Today, the breadth of DEN is far-reaching and includes 15 co-curricular educational and funding programs, curricular partnerships in economics, engineering and computer science, two incubator spaces (DEN Innovation Center and the Dartmouth Regional Technology Center), and strategic DEN city chapters across the country in places like Boston, New York, D.C., Boulder/Denver and San Francisco.
The entire DEN vision and set of resources is in service of educating future entrepreneurs and building value creating enterprises.
Q. How has the Dartmouth alumni network helped aspiring entrepreneurs?
A. The Dartmouth alumni network is our strategic advantage. The people at Dartmouth are so loyal and willing. We have a DEN West Coast alumni-driven entrepreneurship conference in September every year, and the content is amazing. It’s all driven by our alums.
Last year, they organized venture office hours where local entrepreneurs and venture capitalists were matched with early-stage startups. We’re just beginning to see where this can go, but I can tell by just the one year I’ve been here, the incredible surge of positive response we’ve had to the policy, the vision of Tillman Gerngross. And the idea we can create companies in the Upper Valley or wherever they should be, hopefully in the Upper Valley, to give us optionality — a lot of times we have spouses that are coming and finding jobs can be challenging.
Q. The University Research and Commercialization Plan suggests a web portal where faculty can interact online, since it can be difficult to connect on a big campus. What do you think of that suggestion?
A. I think that’s an ongoing challenge. I’d like to redo my website and also get in front, go into their labs. I think sometimes people get so busy, so we try to bring some of the programs to their locations as well and hit their different department meetings and be visible and walk the halls as much as we can so we get an opportunity to work with them, and the word spreads as well.
The term that people are using is “innovation ecosystem,” and we really work together because it really does take a village to get these things commercialized.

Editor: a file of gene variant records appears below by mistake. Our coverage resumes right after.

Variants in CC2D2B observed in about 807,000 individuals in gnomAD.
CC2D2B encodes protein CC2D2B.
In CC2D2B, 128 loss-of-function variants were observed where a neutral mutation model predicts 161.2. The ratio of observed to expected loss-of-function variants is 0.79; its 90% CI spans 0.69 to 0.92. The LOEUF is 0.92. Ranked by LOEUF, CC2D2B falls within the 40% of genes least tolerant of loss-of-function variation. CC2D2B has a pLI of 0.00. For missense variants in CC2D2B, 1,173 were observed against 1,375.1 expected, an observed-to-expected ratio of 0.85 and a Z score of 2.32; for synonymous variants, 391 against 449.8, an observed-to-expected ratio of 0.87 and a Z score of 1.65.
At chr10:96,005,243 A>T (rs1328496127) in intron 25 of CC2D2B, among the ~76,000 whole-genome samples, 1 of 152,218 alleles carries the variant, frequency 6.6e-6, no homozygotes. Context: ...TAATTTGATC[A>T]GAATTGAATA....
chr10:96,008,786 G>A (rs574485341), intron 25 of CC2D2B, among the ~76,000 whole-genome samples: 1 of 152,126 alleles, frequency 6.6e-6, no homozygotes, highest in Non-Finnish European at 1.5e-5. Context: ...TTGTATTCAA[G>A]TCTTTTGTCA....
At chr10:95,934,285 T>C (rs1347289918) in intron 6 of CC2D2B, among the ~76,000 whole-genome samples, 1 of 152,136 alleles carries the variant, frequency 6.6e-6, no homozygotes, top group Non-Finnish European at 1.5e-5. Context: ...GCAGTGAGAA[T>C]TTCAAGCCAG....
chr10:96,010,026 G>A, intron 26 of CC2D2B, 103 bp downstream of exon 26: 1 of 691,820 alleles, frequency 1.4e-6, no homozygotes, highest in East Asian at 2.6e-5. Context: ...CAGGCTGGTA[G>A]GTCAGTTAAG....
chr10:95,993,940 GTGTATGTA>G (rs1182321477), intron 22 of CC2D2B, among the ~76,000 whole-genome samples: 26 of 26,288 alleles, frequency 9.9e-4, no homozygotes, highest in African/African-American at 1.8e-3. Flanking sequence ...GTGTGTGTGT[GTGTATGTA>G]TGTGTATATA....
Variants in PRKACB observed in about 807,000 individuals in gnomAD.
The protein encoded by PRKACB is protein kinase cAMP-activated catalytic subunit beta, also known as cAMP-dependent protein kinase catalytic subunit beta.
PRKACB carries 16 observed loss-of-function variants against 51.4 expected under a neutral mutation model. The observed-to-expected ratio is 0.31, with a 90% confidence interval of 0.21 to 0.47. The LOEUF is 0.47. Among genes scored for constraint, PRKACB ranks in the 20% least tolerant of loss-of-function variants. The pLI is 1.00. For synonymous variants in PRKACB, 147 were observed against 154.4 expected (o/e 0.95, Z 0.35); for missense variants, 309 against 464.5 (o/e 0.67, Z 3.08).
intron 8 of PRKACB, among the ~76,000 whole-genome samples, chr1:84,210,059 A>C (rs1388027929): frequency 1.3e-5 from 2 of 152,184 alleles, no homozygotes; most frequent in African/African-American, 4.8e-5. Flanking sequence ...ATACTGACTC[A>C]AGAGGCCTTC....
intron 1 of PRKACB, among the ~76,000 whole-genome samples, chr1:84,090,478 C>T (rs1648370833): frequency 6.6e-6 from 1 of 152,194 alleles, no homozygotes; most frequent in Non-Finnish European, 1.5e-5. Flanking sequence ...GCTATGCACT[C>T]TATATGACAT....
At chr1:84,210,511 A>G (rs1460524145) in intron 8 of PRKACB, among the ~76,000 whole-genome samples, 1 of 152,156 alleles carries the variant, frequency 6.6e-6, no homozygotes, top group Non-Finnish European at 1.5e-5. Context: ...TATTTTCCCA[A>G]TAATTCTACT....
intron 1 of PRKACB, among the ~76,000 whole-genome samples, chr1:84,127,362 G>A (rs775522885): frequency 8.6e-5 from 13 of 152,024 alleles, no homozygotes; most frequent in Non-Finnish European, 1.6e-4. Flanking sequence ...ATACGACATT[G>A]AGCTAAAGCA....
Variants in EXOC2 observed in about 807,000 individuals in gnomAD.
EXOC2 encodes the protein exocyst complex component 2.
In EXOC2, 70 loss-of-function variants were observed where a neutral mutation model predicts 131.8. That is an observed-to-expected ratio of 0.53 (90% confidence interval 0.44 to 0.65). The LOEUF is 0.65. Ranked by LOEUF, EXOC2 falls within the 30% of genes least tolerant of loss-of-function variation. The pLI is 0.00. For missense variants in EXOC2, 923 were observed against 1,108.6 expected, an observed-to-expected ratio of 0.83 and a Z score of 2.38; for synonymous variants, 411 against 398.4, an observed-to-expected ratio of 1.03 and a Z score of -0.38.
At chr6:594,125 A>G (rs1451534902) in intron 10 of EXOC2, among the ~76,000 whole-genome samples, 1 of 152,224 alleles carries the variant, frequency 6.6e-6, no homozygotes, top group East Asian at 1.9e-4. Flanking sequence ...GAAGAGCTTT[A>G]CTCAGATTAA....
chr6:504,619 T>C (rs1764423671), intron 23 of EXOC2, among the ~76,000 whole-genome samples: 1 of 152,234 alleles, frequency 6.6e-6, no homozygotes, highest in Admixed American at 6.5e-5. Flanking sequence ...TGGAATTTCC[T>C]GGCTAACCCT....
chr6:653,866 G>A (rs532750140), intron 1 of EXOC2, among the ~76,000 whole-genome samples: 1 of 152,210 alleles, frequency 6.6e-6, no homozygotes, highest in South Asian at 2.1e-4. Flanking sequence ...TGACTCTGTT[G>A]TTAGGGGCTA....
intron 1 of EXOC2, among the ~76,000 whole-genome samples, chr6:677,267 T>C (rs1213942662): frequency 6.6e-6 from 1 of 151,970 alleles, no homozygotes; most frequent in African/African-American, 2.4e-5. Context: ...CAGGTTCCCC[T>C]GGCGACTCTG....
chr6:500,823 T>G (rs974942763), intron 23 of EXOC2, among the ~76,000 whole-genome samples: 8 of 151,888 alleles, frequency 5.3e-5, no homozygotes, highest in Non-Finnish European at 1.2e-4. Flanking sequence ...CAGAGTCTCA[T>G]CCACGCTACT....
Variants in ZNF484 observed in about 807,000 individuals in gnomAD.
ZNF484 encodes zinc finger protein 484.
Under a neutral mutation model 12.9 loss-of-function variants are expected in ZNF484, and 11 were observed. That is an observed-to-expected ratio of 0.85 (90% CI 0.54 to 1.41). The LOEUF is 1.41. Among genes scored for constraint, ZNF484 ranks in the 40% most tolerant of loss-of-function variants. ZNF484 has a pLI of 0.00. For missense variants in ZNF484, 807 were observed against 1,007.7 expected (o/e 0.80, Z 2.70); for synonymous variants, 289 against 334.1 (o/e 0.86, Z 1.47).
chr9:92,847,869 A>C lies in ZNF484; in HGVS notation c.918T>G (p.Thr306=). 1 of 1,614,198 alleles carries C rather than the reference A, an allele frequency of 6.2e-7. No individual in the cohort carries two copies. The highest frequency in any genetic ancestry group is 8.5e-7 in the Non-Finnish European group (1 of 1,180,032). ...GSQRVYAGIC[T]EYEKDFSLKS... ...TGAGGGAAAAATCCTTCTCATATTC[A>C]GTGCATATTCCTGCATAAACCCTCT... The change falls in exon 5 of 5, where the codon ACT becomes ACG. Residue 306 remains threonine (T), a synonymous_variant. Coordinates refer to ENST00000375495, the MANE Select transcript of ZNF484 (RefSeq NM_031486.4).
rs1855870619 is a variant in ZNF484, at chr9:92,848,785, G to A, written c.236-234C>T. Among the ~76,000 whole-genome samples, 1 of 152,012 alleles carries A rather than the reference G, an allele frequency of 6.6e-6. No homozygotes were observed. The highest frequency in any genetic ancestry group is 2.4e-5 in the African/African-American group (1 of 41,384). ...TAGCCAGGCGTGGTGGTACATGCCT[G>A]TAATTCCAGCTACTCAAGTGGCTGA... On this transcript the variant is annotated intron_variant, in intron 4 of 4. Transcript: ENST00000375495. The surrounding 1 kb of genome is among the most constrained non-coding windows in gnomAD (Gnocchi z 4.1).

Q. You’ve worked at different universities. What has that experience taught you about commercializing research?
A. There’s a lot I’ve learned. I think when you’re at Harvard, MIT and Stanford, it’s a different feel. I’ve had the opportunity to be at some wonderful small private schools. A lot of times we look to these well-known schools to see what they’re doing, but from a strategic point of view, we need to look at who we are and what works for us.
One of the things I like about Dartmouth’s strategy is they looked at who they were and what they wanted as an outcome, and they went through this thoughtful process. Strategies differ based on the technology mix and the geographic location of the school.
I think there’s a lot that can come of it in terms of providing new places to work and new opportunities for our talented faculty. They almost expect to start a company, and if you look at the statistics among faculty in engineering, one of every three is starting a company, and it’s headed to one out of every two. These young brilliant professors are considering the support of the entrepreneurial environment when making their choices of where to go.
Q. Manchester-based venture capitalist TK Kuegler once told me that it was necessary for universities to be in a city, close to businesses. What about Dartmouth?
A. I think the location has its pluses and minuses. But I think the reason why people love living here is you don’t have the traffic, you have the beautiful scenery, you have the organic food and the friendly people. We’re so close to Boston. We’re so close to New York. We also are so close with our alums that I think there are ways we can use the advantages we have, and that’s the key – because we can’t change our location.